3. The nice thing about IVF (ha, hard to start a sentence with that without sounding sarcastic, but no really) is that you don’t have to have a LOT of sperm. If you have 10 eggs, you only need 10 sperm. And, your embryologist will be able to find 10, even with a lower count and higher fragmentation. Plus, those numbers are from ONE sample. Things vary, so the other samples could be amazing.

    It does suck to stay in limbo, and I hope that things finally move forward for you all soon.

    • Even when he only had 19 sperm total, I was ready to move forward, knowing that would probably be enough. I’m certainly glad we have more to choose from now! I’m definitely glad to be getting out of limbo.

  4. I’m rooting for you. It’s a scary place to be, not knowing the outcome and if it will ever work. You can only do your best and with treatment, unfortunately most of it is out of your hands. But with ICSI and PGS you will be able to sort out the good ones that will give you the best chance for success. And hopefully this will be the golden ticket. Hang in there, you can do this!

  5. I am so with you in this awful, tentative place. We have some pretty shitty factors working against us in our IVF cycle, too. We are doing IVF with ICSI and PGD, and our genetic counselor says she expects 73 percent of our embies to be abnormal. So I totally understand the fear of walking away with nothing. Hugs!! You’re not alone!!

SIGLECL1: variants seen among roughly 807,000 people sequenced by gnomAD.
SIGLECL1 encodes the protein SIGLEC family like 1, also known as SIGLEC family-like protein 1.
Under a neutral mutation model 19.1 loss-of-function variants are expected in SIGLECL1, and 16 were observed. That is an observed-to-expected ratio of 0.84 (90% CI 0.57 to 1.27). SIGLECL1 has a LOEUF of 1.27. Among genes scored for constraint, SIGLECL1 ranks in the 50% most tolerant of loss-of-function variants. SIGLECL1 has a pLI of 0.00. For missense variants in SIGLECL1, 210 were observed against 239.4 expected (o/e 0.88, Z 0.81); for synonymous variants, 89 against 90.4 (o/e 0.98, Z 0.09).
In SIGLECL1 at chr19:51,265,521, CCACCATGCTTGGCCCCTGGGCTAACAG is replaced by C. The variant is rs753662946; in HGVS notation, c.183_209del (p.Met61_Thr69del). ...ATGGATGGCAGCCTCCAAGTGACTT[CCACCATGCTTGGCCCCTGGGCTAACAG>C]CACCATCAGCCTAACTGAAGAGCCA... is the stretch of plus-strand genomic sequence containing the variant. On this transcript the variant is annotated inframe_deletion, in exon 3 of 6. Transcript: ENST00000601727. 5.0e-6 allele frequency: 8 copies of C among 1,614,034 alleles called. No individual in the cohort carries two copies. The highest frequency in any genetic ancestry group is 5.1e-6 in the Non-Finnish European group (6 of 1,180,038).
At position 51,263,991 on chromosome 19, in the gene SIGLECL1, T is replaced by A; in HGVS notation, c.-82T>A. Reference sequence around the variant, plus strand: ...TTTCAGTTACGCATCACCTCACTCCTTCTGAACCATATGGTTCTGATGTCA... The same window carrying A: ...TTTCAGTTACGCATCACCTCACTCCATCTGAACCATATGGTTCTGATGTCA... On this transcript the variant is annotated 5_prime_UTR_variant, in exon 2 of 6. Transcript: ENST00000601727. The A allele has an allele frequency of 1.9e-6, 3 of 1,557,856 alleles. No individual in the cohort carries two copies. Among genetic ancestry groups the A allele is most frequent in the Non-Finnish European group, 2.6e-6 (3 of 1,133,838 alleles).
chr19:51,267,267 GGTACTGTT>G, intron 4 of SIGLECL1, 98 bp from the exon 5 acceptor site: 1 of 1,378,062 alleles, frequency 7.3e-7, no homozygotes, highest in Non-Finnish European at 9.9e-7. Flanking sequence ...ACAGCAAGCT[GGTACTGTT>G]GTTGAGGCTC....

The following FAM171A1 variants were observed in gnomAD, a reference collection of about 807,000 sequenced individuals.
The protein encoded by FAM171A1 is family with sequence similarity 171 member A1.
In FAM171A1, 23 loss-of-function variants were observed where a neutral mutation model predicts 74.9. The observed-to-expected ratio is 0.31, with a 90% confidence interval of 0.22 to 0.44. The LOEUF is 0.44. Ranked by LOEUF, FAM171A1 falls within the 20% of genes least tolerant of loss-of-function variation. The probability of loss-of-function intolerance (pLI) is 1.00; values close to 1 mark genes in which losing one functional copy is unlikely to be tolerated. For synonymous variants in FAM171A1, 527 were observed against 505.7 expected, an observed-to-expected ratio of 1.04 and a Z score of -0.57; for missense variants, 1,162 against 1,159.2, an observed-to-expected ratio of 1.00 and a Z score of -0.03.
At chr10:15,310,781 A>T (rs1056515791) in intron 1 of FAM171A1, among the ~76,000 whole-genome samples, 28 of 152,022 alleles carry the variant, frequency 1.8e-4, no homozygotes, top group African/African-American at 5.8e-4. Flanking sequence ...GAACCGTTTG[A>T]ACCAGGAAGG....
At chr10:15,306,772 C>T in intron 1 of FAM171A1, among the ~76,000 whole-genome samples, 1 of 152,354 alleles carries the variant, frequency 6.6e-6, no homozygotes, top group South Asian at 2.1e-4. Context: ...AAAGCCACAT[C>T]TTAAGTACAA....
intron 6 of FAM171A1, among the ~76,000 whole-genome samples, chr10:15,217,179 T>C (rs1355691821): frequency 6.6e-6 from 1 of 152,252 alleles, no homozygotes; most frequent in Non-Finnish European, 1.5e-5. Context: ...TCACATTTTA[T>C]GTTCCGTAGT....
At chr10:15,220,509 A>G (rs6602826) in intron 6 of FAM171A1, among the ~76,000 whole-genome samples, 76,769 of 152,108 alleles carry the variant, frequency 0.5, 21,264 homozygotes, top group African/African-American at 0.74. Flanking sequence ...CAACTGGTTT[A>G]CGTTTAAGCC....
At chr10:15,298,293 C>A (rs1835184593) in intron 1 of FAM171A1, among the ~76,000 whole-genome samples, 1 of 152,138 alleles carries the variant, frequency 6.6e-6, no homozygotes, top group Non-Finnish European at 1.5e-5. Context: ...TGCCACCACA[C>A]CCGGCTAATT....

• Wow, that’s a hard number to take in. But that’s one of my biggest fears–that we’ll go through all of this and spend all this money, all for nothing. All I can do it hope for the best–for both of us!

  6. You are on this path, moving forward now, and that is a terrific thing. It is so scary to not know if it will all be worth it – the money, the shots, the emotional investment in hope. Terrifying. But there’s only one way to find out the outcome, and no sense in looking back now. I hate to sound so cliche, but hang in there!

  7. The waiting can be brutal, especially when you feel like it’s all for naught. I have a lot of hope for you guys moving forward, but it is always frustrating and disappointing when doctors create a set of expectations and then reality just doesn’t match up.

    • Yes! You’d think they would know better. I mean, it’s one thing to be optimistic–something else entirely to create false hope. But at least we’re moving on to something that gives us the best shot possible.

  8. Yes, there’s a long way to go, but look at how far you’ve come. Even if you’d like to be further along than you are today, you’re still moving forward. I know there’s still uncertainty, and there’s so much on the line, but you have a great team in place to give you the best shot possible. And you also have a huge team behind you rooting for you all the way.

    PS: I don’t envy your hubby his task(s) around the time of retrieval. Yikes!

    • Thanks, Elizabeth. I appreciate the support. From all of you. And one of the reasons I’m glad we’re doing this now–before Hubby gets a job and moves us somewhere new (hopefully soon!)–is that our doctor is so skilled and has such great stats. I hope we land on the good side of them.

  9. Rooting for you guys hugely this round, and hoping for great things (as everyone says, it only takes one!). You know I’m always here if you want to talk about any of the rest of it too.